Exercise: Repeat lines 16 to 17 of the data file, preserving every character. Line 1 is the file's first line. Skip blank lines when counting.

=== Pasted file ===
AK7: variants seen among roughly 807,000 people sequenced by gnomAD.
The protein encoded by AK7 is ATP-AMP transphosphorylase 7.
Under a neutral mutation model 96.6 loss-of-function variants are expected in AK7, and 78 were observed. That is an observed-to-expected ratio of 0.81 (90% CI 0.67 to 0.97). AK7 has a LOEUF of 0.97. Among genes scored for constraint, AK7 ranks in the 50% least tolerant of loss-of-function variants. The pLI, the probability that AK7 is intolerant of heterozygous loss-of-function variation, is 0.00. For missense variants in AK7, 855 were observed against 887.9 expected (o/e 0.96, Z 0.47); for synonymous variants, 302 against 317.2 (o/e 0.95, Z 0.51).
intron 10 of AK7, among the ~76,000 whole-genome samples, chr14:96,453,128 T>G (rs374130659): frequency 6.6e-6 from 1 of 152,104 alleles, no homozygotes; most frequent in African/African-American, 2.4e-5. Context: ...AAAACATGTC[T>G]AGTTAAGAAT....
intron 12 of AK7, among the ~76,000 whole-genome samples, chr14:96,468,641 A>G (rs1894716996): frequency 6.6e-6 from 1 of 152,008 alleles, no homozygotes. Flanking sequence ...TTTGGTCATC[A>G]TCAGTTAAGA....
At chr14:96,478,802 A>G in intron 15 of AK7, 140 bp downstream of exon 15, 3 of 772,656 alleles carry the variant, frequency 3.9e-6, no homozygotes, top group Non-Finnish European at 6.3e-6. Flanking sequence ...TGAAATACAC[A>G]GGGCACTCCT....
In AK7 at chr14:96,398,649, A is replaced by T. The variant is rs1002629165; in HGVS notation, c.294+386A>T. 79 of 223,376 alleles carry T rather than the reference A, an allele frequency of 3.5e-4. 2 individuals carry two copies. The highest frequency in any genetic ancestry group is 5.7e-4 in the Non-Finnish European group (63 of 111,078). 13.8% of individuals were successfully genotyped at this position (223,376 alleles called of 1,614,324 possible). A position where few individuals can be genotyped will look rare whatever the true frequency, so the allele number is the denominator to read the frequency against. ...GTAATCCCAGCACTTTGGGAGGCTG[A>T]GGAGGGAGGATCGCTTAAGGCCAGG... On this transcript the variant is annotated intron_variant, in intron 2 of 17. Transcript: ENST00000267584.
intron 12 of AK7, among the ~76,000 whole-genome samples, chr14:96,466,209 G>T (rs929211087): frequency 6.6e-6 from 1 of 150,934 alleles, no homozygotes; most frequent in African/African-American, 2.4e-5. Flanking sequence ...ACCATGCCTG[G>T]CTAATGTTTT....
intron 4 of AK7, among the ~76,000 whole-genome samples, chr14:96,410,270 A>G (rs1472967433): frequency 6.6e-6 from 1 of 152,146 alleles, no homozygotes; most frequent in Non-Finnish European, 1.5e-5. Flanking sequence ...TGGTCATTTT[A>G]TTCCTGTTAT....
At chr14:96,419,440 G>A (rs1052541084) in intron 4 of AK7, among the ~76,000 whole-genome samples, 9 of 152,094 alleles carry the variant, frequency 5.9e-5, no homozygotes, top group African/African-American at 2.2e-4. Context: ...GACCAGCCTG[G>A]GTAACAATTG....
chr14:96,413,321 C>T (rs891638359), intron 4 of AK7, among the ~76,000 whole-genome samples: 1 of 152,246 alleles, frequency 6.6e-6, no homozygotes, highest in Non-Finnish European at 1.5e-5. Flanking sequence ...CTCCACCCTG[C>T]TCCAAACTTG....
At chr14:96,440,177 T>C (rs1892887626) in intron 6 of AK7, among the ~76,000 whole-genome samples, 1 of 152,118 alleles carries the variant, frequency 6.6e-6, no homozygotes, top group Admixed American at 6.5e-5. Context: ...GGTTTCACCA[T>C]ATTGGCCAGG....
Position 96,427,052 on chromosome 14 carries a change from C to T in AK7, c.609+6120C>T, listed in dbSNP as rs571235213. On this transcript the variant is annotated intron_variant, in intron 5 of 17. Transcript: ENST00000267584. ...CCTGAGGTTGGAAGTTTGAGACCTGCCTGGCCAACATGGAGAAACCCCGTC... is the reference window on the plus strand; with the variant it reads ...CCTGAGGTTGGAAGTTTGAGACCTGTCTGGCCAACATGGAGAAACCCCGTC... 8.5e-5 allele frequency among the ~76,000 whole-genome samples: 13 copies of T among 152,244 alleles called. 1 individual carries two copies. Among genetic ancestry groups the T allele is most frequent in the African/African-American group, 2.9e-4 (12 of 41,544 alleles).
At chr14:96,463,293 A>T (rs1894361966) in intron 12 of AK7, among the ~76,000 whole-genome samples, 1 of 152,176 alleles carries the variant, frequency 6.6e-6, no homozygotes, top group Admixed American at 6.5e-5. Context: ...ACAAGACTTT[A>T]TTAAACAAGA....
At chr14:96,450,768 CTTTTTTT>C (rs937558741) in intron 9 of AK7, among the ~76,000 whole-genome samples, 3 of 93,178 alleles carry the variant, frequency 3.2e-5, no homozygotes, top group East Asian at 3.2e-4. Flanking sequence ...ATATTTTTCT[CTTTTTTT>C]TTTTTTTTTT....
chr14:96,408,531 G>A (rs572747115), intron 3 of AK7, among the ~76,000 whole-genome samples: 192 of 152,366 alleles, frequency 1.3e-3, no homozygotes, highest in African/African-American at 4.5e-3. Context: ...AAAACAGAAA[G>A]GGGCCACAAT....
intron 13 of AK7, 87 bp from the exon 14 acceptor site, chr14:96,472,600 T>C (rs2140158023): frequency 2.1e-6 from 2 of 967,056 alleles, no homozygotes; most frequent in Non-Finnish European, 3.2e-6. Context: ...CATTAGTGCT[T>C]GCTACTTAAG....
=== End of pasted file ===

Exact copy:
chr14:96,408,531 G>A (rs572747115), intron 3 of AK7, among the ~76,000 whole-genome samples: 192 of 152,366 alleles, frequency 1.3e-3, no homozygotes, highest in African/African-American at 4.5e-3. Context: ...AAAACAGAAA[G>A]GGGCCACAAT....
intron 13 of AK7, 87 bp from the exon 14 acceptor site, chr14:96,472,600 T>C (rs2140158023): frequency 2.1e-6 from 2 of 967,056 alleles, no homozygotes; most frequent in Non-Finnish European, 3.2e-6. Context: ...CATTAGTGCT[T>C]GCTACTTAAG....